Decision-making in regard to scheduling transplanting date is one of the least studied aspects of sweetpotato production. It is well documented that transplanting dates can potentially influence storage root yield (Edmond and Ammerman, 1971). Recently, we have documented that up to 85% of adventitious roots extant at 5 to 7 d after transplanting (DAT) have the potential to become storage roots (Villordon et al., 2009b). The uniform and consistent initiation of adventitious roots has been shown to be a critical step in the determination of final yield (Kokubu, 1973; Togari, 1950; Villordon et al., 2009b). Thus, it is important to identify agrometeorological and management variables that exert influence on this specific stage (5 to 7 DAT) to optimize decision-making. In Louisiana, a calendar-based system is used for recommending transplanting dates, i.e., 15 Apr. to 30 June for south Louisiana and 1 May to 30 June for north Louisiana (Boudreaux, 2005). In North Carolina, the recommendations include a provision for soil temperature to be at least 18 °C at a depth of 10 cm for 4 consecutive days before transplanting (North Carolina Sweet Potato Commission, 2009). Some commercial growers in Louisiana are known to temporarily stop transplanting operations if there is a prevailing “northeast wind,” which is typically a cold, dry wind that predisposes transplants to desiccation (Cannon, personal communication). Precise information on the relative importance and interactions of agrometeorological variables on transplant establishment and subsequent storage root yield will potentially benefit researchers, growers, and crop consultants.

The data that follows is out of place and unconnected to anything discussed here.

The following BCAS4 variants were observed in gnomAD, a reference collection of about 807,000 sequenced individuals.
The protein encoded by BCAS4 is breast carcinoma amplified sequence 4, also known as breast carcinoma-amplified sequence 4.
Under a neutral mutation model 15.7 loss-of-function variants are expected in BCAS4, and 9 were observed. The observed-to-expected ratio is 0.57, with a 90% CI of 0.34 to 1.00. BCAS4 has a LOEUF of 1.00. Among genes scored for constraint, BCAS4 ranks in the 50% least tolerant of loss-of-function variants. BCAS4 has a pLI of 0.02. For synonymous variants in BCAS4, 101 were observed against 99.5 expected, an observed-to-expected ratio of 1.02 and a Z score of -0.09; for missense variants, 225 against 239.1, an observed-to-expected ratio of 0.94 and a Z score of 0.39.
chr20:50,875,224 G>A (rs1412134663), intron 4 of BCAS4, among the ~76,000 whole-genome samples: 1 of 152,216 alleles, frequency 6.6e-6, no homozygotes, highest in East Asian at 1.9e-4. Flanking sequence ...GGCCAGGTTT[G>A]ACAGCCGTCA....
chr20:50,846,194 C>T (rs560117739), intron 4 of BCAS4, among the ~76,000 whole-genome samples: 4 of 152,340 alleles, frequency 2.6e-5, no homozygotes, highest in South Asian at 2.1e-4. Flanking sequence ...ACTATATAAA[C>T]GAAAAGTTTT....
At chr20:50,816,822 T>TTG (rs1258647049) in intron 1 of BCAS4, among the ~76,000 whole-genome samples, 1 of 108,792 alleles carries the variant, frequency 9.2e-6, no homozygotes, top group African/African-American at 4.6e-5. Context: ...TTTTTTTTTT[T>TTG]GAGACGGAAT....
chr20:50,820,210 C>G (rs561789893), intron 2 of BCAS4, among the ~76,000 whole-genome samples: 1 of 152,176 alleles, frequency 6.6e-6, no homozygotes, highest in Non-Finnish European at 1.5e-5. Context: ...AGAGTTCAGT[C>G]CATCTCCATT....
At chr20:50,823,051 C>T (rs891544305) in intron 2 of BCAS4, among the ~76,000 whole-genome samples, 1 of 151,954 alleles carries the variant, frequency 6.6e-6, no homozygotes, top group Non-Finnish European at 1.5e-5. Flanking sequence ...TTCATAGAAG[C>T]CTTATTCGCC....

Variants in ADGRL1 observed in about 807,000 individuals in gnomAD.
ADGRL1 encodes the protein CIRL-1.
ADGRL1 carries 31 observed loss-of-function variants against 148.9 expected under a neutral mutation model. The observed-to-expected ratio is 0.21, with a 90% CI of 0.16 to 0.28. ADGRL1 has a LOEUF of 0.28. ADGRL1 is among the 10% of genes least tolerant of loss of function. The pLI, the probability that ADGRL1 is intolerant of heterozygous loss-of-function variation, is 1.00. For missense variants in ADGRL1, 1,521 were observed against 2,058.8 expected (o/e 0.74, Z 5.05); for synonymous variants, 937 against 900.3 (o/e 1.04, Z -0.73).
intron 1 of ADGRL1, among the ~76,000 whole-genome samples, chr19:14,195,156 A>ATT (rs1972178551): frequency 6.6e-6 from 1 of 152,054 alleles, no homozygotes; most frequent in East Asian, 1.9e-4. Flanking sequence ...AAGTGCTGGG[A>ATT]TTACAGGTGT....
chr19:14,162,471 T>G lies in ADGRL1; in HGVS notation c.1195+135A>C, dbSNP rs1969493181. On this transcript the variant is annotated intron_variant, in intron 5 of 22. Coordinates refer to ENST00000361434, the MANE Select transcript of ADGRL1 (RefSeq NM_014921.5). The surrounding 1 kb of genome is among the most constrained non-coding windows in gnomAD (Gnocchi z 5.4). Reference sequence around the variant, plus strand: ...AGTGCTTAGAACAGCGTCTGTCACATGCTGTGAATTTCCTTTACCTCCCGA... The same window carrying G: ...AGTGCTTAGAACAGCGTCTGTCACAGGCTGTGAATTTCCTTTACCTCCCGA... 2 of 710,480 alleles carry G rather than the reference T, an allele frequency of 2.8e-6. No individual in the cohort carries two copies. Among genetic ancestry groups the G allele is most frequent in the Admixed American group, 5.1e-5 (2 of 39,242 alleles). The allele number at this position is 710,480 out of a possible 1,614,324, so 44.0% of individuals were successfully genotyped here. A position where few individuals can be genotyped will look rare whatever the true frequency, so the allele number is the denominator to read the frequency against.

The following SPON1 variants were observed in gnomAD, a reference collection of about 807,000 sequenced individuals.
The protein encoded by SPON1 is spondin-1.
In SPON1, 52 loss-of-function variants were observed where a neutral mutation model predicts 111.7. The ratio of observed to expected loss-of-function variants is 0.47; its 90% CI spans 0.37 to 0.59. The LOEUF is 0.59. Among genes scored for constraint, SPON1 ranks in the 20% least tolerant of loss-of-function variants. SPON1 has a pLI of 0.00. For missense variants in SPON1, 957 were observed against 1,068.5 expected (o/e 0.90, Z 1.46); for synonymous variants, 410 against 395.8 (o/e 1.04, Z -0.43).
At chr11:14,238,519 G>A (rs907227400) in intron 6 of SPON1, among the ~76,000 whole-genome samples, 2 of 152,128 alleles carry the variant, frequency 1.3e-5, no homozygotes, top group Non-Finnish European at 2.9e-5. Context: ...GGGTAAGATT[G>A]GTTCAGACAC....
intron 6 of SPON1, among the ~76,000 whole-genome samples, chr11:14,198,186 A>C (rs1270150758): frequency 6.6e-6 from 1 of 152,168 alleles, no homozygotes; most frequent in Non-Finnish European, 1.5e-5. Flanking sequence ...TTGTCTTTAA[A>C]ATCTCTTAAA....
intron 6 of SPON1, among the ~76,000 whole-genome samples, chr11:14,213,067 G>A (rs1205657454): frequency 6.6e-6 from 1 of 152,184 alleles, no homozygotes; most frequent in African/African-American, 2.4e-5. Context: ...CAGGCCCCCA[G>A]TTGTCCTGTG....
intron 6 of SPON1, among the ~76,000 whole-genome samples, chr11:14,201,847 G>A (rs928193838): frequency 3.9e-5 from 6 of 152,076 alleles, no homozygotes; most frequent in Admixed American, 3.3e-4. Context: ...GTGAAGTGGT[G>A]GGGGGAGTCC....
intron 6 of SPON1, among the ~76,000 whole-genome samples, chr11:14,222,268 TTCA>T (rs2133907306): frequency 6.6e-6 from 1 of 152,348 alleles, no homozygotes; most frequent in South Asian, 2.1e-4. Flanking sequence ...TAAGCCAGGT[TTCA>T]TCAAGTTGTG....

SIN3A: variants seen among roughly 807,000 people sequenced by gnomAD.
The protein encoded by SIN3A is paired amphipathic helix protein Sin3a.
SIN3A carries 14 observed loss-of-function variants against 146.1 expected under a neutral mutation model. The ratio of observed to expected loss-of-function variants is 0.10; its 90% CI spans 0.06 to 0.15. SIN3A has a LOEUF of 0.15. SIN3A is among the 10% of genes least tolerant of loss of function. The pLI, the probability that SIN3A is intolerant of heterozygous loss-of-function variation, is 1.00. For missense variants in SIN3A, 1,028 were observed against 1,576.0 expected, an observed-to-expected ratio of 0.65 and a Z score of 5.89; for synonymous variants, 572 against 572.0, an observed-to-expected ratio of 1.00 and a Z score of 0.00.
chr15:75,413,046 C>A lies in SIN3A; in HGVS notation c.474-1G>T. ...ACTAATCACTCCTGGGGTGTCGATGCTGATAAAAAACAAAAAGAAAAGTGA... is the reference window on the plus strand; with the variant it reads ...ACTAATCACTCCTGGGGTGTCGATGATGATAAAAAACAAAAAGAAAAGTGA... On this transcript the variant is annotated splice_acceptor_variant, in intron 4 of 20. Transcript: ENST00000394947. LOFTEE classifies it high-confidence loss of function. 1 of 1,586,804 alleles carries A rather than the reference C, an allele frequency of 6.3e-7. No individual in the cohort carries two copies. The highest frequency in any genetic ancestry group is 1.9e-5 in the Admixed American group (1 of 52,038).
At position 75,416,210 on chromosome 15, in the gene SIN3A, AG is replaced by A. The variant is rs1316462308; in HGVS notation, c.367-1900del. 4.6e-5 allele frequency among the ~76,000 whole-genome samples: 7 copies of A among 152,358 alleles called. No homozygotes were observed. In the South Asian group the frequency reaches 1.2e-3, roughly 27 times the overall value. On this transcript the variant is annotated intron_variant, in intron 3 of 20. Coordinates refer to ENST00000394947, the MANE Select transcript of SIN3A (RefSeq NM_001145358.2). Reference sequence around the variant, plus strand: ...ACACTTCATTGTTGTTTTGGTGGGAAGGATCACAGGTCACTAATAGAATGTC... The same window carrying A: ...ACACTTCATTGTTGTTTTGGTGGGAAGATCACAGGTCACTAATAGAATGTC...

The objective of this study was to identify consensus variables at transplant time that were related to U.S. #1 yield outcome using least squares-based linear regression and machine learning approaches. Machine learning generally refers to the class of computational methods for deriving insightful knowledge (including heuristics, strategies, or structure) from data, observations, or past solutions (Shaw, 1993). Models derived from machine learning approaches are also referred to as adaptive models and are characterized by learning by example to solve problems. Adaptive modeling techniques are increasingly being used in areas where there is little or incomplete understanding of the problem to be solved but where training data are available (Park et al., 2005).
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